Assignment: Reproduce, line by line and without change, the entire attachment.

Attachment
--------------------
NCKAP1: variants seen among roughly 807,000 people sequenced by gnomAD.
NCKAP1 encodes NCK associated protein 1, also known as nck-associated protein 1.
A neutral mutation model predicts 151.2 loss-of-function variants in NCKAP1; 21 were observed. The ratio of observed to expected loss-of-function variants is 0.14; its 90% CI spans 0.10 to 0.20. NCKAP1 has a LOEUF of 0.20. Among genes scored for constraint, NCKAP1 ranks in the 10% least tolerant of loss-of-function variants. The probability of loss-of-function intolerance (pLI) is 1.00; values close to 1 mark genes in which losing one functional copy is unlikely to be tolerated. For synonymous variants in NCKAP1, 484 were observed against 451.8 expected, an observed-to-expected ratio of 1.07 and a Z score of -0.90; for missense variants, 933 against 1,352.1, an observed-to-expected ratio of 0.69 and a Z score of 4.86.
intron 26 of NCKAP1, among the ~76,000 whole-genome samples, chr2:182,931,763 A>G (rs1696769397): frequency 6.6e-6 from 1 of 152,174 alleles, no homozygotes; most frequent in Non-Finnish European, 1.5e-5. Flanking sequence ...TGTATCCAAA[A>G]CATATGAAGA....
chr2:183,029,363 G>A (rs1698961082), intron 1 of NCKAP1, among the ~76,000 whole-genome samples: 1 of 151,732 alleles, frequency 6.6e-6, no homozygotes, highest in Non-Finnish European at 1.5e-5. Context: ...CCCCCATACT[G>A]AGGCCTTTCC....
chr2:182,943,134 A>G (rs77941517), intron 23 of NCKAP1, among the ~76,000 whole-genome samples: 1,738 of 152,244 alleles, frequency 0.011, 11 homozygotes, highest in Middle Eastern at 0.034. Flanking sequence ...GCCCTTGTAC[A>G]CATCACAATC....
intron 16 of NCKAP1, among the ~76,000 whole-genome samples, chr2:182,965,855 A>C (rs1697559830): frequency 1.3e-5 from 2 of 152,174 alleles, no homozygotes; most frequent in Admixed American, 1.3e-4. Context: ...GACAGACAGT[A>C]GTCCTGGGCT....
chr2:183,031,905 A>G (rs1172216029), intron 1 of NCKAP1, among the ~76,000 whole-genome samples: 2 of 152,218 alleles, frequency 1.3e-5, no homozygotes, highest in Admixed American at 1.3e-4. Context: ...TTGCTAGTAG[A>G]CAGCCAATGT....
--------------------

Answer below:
NCKAP1: variants seen among roughly 807,000 people sequenced by gnomAD.
NCKAP1 encodes NCK associated protein 1, also known as nck-associated protein 1.
A neutral mutation model predicts 151.2 loss-of-function variants in NCKAP1; 21 were observed. The ratio of observed to expected loss-of-function variants is 0.14; its 90% CI spans 0.10 to 0.20. NCKAP1 has a LOEUF of 0.20. Among genes scored for constraint, NCKAP1 ranks in the 10% least tolerant of loss-of-function variants. The probability of loss-of-function intolerance (pLI) is 1.00; values close to 1 mark genes in which losing one functional copy is unlikely to be tolerated. For synonymous variants in NCKAP1, 484 were observed against 451.8 expected, an observed-to-expected ratio of 1.07 and a Z score of -0.90; for missense variants, 933 against 1,352.1, an observed-to-expected ratio of 0.69 and a Z score of 4.86.
intron 26 of NCKAP1, among the ~76,000 whole-genome samples, chr2:182,931,763 A>G (rs1696769397): frequency 6.6e-6 from 1 of 152,174 alleles, no homozygotes; most frequent in Non-Finnish European, 1.5e-5. Flanking sequence ...TGTATCCAAA[A>G]CATATGAAGA....
chr2:183,029,363 G>A (rs1698961082), intron 1 of NCKAP1, among the ~76,000 whole-genome samples: 1 of 151,732 alleles, frequency 6.6e-6, no homozygotes, highest in Non-Finnish European at 1.5e-5. Context: ...CCCCCATACT[G>A]AGGCCTTTCC....
chr2:182,943,134 A>G (rs77941517), intron 23 of NCKAP1, among the ~76,000 whole-genome samples: 1,738 of 152,244 alleles, frequency 0.011, 11 homozygotes, highest in Middle Eastern at 0.034. Flanking sequence ...GCCCTTGTAC[A>G]CATCACAATC....
intron 16 of NCKAP1, among the ~76,000 whole-genome samples, chr2:182,965,855 A>C (rs1697559830): frequency 1.3e-5 from 2 of 152,174 alleles, no homozygotes; most frequent in Admixed American, 1.3e-4. Context: ...GACAGACAGT[A>C]GTCCTGGGCT....
chr2:183,031,905 A>G (rs1172216029), intron 1 of NCKAP1, among the ~76,000 whole-genome samples: 2 of 152,218 alleles, frequency 1.3e-5, no homozygotes, highest in Admixed American at 1.3e-4. Context: ...TTGCTAGTAG[A>G]CAGCCAATGT....